Special Edition  |  COVID-19 Update  |  May 15, 2020
A closed playground in London. REUTERS/Henry Nicholls


How local governments can get through the crisis and beyond

Two Harvard Kennedy School scholars are offering strategy checklists for municipal governments to make sure their budgets survive the fiscal impact of COVID-19. Linda Bilmes, senior lecturer in public policy, provided “a guide for city budgets” to hundreds of mayors and local officials at a virtual session of the Bloomberg Harvard City Leadership Initiative. She outlined three sets of guidance on local budgeting during the pandemic—how to respond, stabilize, and transform. Also, Stephen Goldsmith, professor of the practice of urban policy (and a former mayor himself), provided a checklist of effective strategies for long-term fiscal management during the crisis. Goldsmith outlined a series of steps, including: “transition to a culture relentlessly focused on data” and “use lateral benchmarking to drive innovation and performance.”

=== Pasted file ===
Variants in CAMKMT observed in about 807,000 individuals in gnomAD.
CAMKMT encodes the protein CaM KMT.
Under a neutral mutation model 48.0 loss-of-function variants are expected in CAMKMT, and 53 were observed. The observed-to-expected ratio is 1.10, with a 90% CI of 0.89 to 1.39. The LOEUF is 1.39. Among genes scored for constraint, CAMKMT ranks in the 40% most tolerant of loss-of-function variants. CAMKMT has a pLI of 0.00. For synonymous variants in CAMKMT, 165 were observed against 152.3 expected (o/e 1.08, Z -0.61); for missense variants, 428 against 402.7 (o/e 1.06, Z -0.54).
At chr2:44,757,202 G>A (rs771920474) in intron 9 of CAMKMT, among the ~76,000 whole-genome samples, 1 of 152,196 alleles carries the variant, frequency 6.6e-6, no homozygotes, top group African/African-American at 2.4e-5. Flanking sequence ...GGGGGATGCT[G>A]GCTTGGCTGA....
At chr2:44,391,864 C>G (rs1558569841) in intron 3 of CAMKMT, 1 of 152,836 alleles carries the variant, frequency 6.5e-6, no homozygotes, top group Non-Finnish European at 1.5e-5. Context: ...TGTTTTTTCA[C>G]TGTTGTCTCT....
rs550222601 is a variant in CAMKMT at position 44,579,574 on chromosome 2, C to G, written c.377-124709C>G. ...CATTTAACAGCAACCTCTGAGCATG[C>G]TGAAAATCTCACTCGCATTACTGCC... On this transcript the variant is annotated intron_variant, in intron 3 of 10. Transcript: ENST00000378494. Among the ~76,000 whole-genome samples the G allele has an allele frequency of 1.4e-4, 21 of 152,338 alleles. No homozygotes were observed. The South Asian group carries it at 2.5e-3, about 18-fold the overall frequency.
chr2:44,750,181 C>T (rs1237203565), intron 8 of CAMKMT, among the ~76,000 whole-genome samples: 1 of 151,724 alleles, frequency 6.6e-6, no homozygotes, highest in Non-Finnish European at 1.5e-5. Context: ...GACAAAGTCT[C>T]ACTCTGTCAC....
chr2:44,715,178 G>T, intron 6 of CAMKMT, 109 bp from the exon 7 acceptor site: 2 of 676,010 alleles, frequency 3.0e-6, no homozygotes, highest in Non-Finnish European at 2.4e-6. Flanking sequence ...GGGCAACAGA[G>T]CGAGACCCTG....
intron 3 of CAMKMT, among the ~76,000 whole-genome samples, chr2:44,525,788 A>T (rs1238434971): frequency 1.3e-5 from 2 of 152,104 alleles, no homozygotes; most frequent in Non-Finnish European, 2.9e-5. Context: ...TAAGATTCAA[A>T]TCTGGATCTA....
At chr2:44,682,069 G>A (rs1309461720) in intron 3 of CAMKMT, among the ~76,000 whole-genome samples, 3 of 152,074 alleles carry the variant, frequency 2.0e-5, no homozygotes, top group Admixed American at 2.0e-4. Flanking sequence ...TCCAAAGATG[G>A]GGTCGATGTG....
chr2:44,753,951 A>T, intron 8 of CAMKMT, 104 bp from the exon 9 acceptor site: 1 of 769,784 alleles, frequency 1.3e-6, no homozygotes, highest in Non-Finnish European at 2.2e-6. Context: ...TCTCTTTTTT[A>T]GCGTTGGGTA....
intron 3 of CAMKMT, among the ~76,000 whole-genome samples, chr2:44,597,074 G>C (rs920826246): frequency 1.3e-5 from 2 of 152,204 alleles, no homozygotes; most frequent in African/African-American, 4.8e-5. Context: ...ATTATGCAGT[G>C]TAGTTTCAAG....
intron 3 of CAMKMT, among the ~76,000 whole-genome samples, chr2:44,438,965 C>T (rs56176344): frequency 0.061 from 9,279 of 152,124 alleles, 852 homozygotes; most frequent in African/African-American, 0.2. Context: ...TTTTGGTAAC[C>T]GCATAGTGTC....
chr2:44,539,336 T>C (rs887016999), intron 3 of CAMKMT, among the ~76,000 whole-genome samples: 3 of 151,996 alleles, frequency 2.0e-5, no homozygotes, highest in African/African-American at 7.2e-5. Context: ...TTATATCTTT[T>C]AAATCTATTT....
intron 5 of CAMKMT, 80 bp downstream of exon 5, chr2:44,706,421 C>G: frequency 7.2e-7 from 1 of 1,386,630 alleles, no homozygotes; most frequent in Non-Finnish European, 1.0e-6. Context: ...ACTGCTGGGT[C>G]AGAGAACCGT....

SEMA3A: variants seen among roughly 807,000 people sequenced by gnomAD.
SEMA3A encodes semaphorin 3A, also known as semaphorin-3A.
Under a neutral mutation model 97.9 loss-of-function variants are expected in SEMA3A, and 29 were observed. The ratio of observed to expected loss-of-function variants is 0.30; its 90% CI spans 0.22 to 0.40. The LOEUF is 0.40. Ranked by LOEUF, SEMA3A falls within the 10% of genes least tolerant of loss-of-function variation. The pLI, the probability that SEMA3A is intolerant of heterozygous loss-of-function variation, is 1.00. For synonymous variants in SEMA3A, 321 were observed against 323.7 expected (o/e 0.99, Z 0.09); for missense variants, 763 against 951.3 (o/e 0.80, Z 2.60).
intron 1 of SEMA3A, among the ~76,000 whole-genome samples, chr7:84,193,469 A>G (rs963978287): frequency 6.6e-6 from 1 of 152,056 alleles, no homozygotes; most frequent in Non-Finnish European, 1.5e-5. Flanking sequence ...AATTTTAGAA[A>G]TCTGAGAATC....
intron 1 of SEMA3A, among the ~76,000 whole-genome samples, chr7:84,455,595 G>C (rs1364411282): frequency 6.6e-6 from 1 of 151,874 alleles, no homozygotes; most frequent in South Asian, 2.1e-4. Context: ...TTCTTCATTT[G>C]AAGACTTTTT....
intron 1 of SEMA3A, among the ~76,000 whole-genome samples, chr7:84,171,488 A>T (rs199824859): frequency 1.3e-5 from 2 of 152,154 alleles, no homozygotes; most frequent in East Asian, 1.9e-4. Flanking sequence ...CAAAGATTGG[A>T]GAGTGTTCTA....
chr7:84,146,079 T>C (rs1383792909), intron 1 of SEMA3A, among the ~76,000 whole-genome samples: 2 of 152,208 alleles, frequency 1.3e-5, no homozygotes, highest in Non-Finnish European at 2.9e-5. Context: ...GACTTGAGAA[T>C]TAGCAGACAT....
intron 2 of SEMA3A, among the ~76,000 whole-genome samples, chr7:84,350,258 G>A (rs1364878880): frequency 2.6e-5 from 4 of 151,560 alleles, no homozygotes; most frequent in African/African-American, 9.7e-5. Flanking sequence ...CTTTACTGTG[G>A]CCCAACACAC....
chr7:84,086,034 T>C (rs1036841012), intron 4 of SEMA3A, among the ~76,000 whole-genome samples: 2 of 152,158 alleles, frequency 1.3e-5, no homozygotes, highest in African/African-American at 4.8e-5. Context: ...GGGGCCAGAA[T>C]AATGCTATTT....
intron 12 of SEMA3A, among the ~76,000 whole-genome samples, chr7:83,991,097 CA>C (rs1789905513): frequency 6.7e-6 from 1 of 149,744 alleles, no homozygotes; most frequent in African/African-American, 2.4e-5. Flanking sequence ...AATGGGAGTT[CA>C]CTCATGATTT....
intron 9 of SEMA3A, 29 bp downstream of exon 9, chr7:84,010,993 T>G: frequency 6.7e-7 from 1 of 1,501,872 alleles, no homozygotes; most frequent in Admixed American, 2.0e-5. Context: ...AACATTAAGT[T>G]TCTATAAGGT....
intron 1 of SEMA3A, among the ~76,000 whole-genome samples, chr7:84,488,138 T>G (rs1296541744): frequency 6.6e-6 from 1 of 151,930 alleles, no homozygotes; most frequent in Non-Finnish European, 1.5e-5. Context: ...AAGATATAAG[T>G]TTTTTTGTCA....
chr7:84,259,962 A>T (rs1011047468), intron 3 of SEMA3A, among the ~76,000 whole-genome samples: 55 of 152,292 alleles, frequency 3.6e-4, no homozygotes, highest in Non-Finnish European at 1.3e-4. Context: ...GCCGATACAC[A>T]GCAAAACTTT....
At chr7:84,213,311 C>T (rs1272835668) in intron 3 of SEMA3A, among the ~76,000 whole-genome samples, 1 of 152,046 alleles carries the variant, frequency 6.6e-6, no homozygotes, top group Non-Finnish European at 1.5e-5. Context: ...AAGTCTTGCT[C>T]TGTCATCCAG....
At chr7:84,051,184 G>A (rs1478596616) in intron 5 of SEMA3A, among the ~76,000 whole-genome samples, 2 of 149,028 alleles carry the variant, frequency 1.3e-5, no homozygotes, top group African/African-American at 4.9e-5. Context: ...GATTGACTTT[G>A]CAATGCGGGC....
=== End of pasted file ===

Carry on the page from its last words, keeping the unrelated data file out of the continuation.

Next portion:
“How CEOs can lead with empathy during COVID-19,” Adjunct Lecturer Jane Nelson, director, Corporate Responsibility Initiative


Study finds media have blown anti-lockdown protests out of proportion

Research by Harvard Kennedy School Professor Erica Chenoweth and other scholars finds that media coverage has been out of proportion to the actual scale of the recent protests in some U.S. states calling for immediate reopening of the economy. The findings, reported by the researchers in an article in Vox, show the protests against social distancing to have been small both in numbers of participants and events—245 protests logged during all of April and early May. In contrast, there were far more anti-Trump protests in many single days than all the #reOpen protests combined, but with far less coverage in mainstream media. The researchers’ explanation? One factor was the protesters’ prominent display of weapons and their use of militaristic rhetoric, which may have led reporters to project outsized influence and political impact for what the researchers regard as a dangerous fringe movement with little public support. Chenoweth is a professor in human rights and international affairs based in the School’s Carr Center for Human Rights Policy.



The question is, do you go for a gradual process where everybody gets sick and you'll probably get a death rate that will be perceived as socially disastrous and unacceptable? Or do we really wait it out until the vaccine?

Ricardo Hausmann, professor of the practice of international political economy and founder and director of the Growth Lab, speaking on PolicyCast


Weighing costs and health impacts of range of COVID-19 responses